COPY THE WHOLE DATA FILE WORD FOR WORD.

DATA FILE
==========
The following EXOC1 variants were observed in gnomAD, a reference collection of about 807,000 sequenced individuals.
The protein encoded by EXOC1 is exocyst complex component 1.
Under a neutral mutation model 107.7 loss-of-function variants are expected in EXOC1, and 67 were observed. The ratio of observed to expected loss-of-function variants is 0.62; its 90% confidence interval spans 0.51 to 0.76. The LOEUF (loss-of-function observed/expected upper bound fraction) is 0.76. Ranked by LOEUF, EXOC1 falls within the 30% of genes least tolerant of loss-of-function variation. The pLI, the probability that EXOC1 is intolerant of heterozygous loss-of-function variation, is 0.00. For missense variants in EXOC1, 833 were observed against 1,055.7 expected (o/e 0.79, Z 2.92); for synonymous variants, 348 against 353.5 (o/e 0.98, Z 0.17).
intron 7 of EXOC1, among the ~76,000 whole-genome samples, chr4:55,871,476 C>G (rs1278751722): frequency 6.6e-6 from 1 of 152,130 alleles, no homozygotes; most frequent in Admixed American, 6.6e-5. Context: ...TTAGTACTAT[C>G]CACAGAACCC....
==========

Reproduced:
The following EXOC1 variants were observed in gnomAD, a reference collection of about 807,000 sequenced individuals.
The protein encoded by EXOC1 is exocyst complex component 1.
Under a neutral mutation model 107.7 loss-of-function variants are expected in EXOC1, and 67 were observed. The ratio of observed to expected loss-of-function variants is 0.62; its 90% confidence interval spans 0.51 to 0.76. The LOEUF (loss-of-function observed/expected upper bound fraction) is 0.76. Ranked by LOEUF, EXOC1 falls within the 30% of genes least tolerant of loss-of-function variation. The pLI, the probability that EXOC1 is intolerant of heterozygous loss-of-function variation, is 0.00. For missense variants in EXOC1, 833 were observed against 1,055.7 expected (o/e 0.79, Z 2.92); for synonymous variants, 348 against 353.5 (o/e 0.98, Z 0.17).
intron 7 of EXOC1, among the ~76,000 whole-genome samples, chr4:55,871,476 C>G (rs1278751722): frequency 6.6e-6 from 1 of 152,130 alleles, no homozygotes; most frequent in Admixed American, 6.6e-5. Context: ...TTAGTACTAT[C>G]CACAGAACCC....